Of the more than 20 million new cancer cases diagnosed globally in 2022, nearly half occurred in Asia—where an even higher majority of the 9.7 million deaths were also reported, according to the International Agency for Research on Cancer and American Cancer Society’s April 2024 estimates. And although “the cancer mortality burden in the African and Asian regions is disproportionately greater than the corresponding incidence burden,” the authors wrote, “Europe [also] has a disproportionately higher cancer incidence and mortality burden, given that the continent has one-fifth of the global cancer cases and cancer deaths yet less than 10% of the global population.”

Using data from the Global Cancer Observatory, the investigators identified national estimates from the best sources of cancer incidence and mortality data available for each country; they emphasized short-term predictions and modeled mortality-to-incidence ratios where applicable. The analysis involved patients of all ages, all cancer types, and 36 individual cancer types. The published report covers the incidence and mortality rates for the 10 leading cancer types, which collectively comprise about two-thirds of the global cancer burden.  

Globally, lung cancer is the leading cancer diagnosis (12.4%), followed by female breast (11.6%), colorectal (9.6%), prostate (7.3%), and stomach (4.9%) cancers. Lung cancer is also the leading cause of cancer death (18.7%), followed by colorectal (9.3%), liver (7.8%), female breast (6.9%), and stomach (6.8%) cancers. In patients assigned female at birth, breast cancer is the most commonly diagnosed cancer and the leading cause of cancer death, followed by lung and colorectal cancer for both cancer cases and deaths. Alternatively, lung cancer cases and deaths are most frequent in patients assigned male at birth, followed by prostate and colorectal cancer cases and liver and colorectal cancer deaths.

Overall, cancer incidence is higher in high-resource countries, which the investigators attributed to higher life expectancy and access to screening and diagnostic testing. However, cancer mortality rates are disproportionately high in countries with fewer resources, despite lower incidence rates. “For example, the breast cancer mortality rate is over 35 per 100,000 women in Fiji and Jamaica, approximately three times higher than the rate in the United States, despite a 26% to 38% lower incidence rate,” they wrote.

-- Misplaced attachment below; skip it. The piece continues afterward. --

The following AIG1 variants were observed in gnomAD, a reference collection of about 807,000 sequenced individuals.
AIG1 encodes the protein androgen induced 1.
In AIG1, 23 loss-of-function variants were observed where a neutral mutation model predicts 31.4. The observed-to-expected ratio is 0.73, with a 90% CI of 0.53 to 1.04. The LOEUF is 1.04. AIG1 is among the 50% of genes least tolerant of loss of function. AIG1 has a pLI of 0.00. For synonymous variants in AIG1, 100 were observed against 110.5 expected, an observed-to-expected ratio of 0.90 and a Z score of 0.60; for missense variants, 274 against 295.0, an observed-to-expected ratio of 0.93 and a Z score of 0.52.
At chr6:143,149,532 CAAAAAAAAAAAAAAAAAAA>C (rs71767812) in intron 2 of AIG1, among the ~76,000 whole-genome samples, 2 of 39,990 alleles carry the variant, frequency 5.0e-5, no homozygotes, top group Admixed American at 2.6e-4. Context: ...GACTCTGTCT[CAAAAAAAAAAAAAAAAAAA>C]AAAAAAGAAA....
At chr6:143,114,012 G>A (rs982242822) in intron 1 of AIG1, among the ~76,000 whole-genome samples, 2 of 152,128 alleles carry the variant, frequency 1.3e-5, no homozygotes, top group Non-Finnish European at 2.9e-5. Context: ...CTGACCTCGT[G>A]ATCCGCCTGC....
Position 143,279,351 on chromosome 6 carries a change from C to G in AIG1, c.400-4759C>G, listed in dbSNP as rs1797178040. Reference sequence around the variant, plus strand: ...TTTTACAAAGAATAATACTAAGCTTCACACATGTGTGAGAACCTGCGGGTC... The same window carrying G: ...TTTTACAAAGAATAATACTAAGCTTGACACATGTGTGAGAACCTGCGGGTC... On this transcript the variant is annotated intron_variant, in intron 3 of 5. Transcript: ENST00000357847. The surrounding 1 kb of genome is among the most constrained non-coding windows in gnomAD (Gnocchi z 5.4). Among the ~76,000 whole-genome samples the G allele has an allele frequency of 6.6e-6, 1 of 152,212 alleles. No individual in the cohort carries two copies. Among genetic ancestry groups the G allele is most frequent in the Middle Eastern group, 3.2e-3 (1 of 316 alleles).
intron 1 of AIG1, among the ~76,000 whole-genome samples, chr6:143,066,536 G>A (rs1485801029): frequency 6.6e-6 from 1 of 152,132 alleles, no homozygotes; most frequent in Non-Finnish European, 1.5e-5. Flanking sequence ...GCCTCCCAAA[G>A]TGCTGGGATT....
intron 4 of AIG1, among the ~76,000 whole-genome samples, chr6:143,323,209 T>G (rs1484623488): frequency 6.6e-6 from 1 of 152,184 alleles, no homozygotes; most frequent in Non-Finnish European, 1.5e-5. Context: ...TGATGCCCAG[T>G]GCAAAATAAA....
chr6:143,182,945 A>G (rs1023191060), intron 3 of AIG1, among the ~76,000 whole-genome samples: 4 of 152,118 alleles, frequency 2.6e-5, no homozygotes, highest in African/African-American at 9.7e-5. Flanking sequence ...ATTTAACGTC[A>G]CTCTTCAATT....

Additionally, the investigators found that as lower-resource countries advance economically, they experience spikes in lung, colorectal, and breast cancer incidence because of the economically corresponding increases in risk factors such as smoking, unhealthy diet, alcohol use, obesity and physical inactivity, and lower fertility. Cervical cancer represents the starkest disparity: Although human papillomavirus vaccination renders it nearly entirely preventable, it is the leading cause of cancer death in individuals with a cervix in 37 countries, predominantly in sub-Saharan Africa. Individuals in Eswatini, Malawi, Tanzania, Zambia, and Zimbabwe have the highest cervical cancer incidence rates globally, ranging from 65–96 per 100,000, which is 10–16 times higher than the U.S. rate (6 per 100,000). The investigators said that the disparity is “largely due to inequitable implementation of screening services. The prevalence of lifetime cervical cancer screening is nearly 100% in Sweden and the Netherlands versus 4% in Ethiopia.”

Notably for oncology advocates, more than half of the global cancer deaths may be preventable. “For example, the elimination of smoking could prevent about 1 in 4 deaths from cancer and approximately 2.6 million cancer deaths annually,” the investigators wrote. In other words, to achieve the Cancer Moonshot’s goal to prevent more than 4 million cancer deaths by 2047 and end cancer as we know it, “prevention offers the most cost-effective and sustainable strategy for cancer control.”

Learn more about ONS and its members’ involvement in the Cancer Moonshot in ONS Voice. Then, use your role as a public health information advocate to spread the message of cancer prevention among your patients, local community, and beyond. Finally, find out how you can get involved in ONS’s global cancer initiatives or contact your legislators about funding and policies for cancer prevention and equity.